Certainly not least of all, when you have a career plan, it’s much easier to hold on to that forward momentum that comes with finishing a project. There’s never a time when you don’t know what you’re supposed to be working on and what your current priorities are. You can look ahead so that you know what projects you should be brainstorming or outlining, and you can get a pretty good idea of when each project will be in the first-drafting stage, revision stage, or editing stage. Although the plan can (and does!) change, there’s never that moment of limbo when you’re not sure what to work on next.

So what does a 5-year career plan look like?

I personally recommend keeping it simple. With the exception of the immediate twelve months, I make my plan on a year-by-year basis, knowing that things will change.

I find it works best to be optimistic about how much you can accomplish (because I always enjoy a challenge), but also realistic. If it took you two years to write your first novel, don’t expect you’ll suddenly be churning out three novels a year. Also keep in mind that once you’re on a publication track you’ll have many new responsibilities that need to be factored in, such as promotion and publicity, touring and events, revisions from your editor, and reviewing copyedits and page proofs.

My plan currently looks like this:

– Build publicity and promotion for CINDER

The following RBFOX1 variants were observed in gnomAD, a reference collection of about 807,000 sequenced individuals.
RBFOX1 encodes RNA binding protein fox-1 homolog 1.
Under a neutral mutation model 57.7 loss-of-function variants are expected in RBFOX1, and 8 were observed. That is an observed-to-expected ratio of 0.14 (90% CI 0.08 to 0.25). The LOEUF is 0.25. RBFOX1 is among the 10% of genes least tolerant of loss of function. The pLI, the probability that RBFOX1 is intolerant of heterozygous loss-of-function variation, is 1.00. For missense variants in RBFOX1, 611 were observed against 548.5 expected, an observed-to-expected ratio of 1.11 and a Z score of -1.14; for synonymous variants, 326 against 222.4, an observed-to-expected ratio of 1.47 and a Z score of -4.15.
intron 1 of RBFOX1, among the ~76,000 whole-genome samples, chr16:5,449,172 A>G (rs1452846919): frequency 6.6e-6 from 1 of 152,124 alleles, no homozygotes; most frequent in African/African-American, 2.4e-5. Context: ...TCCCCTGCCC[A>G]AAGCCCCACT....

– SCARLET to editor

– CINDER releases: ongoing publicity and promotion as necessary
– Build publicity and promotion for SCARLET
– CRESS to editor mid-year
– brainstorm and outline new book or series idea

– SCARLET releases: ongoing publicity and promotion as necessary
– Build publicity and promotion for CRESS
– WINTER to editor
– start drafting new book or series

– CRESS releases: ongoing publicity and promotion as necessary
– Build publicity and promotion for WINTER
– continued work on new book or series

– WINTER releases: ongoing publicity and promotion as necessary
– continued work on new book or series

Super simple and brief. It’s not too daunting, but it gives me an at-a-glance idea of the direction my writing is going, when I’ll be able to start working on a new project, and approximately what I’ll be working on at any given time.

What do you think? Do you have a long-term writing plan? What does and doesn’t work for you when it comes to plotting out your long-term goals?


June 12, 2012: For the record, I regularly keep my career plan updated, and have started including promotion goals as well (although I’m sadly nowhere near accomplishing them, ah well). Here’s what my career plan looks like today:


– CRESS to editor mid-year
– WINTER draft #2 completed
– outline & draft new book or series (discuss w/ agent for best follow-up)

12,000 Twitter followers by Scarlet’s release
5,000 Author Page Likes by Scarlet’s release
25,000 Lunar Chronicles Page Likes by Scarlet’s release

– SCARLET publicity and promotion as necessary
– CRESS revisions completed
– WINTER to editor mid-year
– new series on submission

– CRESS publicity and promotion as necessary
– WINTER revisons completed
– continued work on new book or series

– WINTER publicity and promotion as necessary
– continued work on new book or series

– continued work on new book or series
– brainstorm for new book or series??